Privacy? What is that? No, really, this is a big issue. Some of us simply throw up our hands and accept the “inevitability” of its loss. Would we be so cavalier with our freedoms, our rights? Since privacy is a right implied in the Constitution and recognized by the Supreme Court, I scratch my head and the seeming willingness of our society to accept its loss. The fact that Google made $12 billion in 2012 wholly off of selling the personal habit data of its users disturbs me. Google has a billion users. Though I would consider it robbery, I am still willing simply willing to give Google a dollar a month, roughly the amount they made off of my data anyway, for Google to stop the sale of my behaviors to advertisers.
This issue is emphatically not dead. Just recall the furor over the lack of protection of student data that rocked the EdTech world within the last year. When people realize that snoops can find out where you live, what you eat, and possibly even your bank account number, there will be a general revolt against the sharing of others’ information. I believe that legislation will be created in response to a disaster, as is typically the case. Perhaps a foreign government will crash the digital banking system, or a non-state player will wipe out vast swaths of data on government and industrial sites. These events are more a question of when, not if, so I see privacy being regained … soon.
I think privacy is dead and we should just accept it and move on. Many people disagree with me and maybe they are right. Nonetheless, we constantly trade our personal information on the web in exchange for a ton of great services that are largely free. As a result, a business model developed around all this where the personal data you trade in is used to enhance an existing business or directly sold to data brokers.
One of the online classes I teach covers this in a lesson on privacy.
The solution to this appears to be two things:
- Start teaching students NOW about the importance of creating a positive digital trail
- Use sign on services such as Google to give you more control over who has your information and if you want to revoke that access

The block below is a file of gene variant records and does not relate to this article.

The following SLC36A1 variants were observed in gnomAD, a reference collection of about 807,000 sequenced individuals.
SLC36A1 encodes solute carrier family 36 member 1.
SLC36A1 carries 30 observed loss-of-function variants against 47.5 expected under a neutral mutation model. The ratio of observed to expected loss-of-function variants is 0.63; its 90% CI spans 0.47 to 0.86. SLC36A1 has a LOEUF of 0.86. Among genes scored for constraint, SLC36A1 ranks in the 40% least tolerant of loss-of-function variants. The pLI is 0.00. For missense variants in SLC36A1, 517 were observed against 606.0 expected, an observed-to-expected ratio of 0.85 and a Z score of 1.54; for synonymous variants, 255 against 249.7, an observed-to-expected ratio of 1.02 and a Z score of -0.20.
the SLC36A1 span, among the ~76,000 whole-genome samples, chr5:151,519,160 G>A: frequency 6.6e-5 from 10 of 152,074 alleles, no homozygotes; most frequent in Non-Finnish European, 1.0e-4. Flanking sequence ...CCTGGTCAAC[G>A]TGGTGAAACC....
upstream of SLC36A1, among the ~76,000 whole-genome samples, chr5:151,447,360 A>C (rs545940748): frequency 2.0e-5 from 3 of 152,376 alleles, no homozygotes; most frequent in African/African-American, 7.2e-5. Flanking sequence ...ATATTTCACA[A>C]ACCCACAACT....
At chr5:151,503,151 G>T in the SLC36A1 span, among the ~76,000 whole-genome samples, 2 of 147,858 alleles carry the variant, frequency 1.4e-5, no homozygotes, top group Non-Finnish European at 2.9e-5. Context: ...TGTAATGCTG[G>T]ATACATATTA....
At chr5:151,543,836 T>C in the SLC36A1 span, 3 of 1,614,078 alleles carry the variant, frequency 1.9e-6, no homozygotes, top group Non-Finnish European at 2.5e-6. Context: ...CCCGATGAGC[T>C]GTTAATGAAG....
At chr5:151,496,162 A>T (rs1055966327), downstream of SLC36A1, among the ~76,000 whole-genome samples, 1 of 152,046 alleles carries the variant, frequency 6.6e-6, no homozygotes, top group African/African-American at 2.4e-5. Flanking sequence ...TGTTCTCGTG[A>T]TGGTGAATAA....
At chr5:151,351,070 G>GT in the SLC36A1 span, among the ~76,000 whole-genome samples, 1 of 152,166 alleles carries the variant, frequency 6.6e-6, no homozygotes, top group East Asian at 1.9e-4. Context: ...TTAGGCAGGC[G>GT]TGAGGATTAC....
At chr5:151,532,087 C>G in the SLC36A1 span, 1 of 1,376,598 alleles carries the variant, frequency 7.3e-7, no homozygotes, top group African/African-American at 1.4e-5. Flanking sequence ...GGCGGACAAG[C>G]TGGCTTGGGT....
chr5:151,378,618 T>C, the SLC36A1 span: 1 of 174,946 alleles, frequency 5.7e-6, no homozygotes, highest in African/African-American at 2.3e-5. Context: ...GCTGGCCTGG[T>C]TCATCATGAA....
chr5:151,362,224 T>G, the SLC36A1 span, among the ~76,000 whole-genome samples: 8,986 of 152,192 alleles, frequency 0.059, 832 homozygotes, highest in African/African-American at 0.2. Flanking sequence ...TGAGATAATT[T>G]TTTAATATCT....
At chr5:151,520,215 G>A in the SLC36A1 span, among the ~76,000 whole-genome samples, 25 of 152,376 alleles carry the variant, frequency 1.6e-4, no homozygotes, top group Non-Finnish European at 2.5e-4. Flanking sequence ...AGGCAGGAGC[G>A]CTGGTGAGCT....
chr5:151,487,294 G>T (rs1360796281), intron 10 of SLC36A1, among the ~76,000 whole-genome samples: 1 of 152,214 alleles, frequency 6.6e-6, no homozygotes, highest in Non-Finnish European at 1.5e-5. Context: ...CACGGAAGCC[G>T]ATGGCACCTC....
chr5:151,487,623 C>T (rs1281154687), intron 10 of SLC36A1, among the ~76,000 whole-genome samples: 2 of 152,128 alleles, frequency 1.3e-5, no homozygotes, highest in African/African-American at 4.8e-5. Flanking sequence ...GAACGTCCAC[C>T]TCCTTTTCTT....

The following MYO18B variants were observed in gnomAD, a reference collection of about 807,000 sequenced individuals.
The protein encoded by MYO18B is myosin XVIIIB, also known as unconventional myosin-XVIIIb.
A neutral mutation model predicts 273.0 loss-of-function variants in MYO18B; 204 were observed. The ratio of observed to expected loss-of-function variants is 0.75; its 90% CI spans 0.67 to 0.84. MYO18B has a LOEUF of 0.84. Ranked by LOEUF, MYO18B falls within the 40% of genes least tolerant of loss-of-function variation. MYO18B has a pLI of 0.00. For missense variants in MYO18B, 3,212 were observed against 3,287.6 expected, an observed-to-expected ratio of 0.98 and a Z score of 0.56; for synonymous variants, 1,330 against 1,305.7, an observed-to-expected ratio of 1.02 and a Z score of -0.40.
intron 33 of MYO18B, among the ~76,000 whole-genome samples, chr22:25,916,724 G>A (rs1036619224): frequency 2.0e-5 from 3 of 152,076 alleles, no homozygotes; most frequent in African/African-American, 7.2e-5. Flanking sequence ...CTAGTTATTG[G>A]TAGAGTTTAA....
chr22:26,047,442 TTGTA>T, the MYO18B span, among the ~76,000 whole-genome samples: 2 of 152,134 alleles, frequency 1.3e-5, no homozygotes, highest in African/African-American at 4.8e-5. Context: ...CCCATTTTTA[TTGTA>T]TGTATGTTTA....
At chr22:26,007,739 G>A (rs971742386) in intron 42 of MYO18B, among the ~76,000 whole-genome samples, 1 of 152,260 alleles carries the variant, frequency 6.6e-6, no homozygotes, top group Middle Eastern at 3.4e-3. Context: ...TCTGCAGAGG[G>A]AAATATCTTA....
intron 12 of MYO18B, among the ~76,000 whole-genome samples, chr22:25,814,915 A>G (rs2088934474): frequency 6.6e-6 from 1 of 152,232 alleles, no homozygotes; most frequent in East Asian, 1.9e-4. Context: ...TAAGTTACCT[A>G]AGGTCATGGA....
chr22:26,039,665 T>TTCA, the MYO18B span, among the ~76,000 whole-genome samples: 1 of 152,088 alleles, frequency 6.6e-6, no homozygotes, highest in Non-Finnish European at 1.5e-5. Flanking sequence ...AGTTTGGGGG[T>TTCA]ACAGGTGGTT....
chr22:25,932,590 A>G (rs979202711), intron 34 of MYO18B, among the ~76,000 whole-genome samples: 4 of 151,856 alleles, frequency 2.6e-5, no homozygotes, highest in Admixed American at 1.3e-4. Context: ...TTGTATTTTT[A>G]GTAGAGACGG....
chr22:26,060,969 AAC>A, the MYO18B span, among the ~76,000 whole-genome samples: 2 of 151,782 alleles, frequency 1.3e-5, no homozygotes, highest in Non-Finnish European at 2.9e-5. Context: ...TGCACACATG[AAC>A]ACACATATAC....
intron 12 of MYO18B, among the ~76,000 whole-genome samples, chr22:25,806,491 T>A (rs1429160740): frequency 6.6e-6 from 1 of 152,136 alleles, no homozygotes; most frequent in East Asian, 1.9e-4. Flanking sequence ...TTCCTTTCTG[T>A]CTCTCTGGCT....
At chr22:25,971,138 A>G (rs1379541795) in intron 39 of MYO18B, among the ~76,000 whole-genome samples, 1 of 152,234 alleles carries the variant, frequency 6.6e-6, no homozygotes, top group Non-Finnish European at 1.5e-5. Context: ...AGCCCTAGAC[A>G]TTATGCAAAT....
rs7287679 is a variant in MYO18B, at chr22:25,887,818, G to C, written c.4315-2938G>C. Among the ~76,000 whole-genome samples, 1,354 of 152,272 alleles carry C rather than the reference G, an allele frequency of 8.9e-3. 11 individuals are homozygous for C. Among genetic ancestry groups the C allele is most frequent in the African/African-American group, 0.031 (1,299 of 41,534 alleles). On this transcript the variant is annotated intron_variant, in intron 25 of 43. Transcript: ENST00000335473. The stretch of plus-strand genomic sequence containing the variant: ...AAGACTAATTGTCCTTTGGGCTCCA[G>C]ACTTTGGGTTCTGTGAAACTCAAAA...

I’d agree with Michael that there doesn’t seem to be a lot of privacy in the wonderful world of the internet. In many ways we seem to have traded privacy for ease of access. All you have to do is think about the fact that what used to be considered stalking is now not only accepted but expected with programs like Facebook. I mean the fact that I can find out where my college roommate’s uncle’s friend went to college, is a little strange.
But as someone who works with kids under the age of nine, this is concerning and I think it should be. We need to be concerned with how to help our students to be safe and successful in a world where the rules of privacy have changed. In classrooms we take citizenship and teaching students good behavior very seriously, and I think that we need to include digital citizenship in that. When we teach to use kind words, that applies to all situations (even digital ones). I truly hate the fact that citizenship and digital citizenship are two different lessons in most classrooms.
But I think that they are 2 lessons because we often don’t practice what we preach. How can we teach students to navigate social media when we avoid it because it makes us nervous? How can we teach them what to post and not to post, when we don’t use the same discretion ourselves? How can we tell students how to respond when something gets posted that we don’t like when we don’t even know what our own plan is?
Although deciding what to block is a fair discussion, that isn’t my biggest concern. My biggest concern is that many adults seem to think that the answer is just to block students from using social media. The digital world exists and for most students, it is as real, if not more real than the physical world. If it’s our job to prepare students to be successful citizens in our world, then it’s our job to teach them the etiquette and tools for survival in both the digital and physical world. And if we know that the best way to teach that is through example, then we need to be that example both in the classroom and on the internet.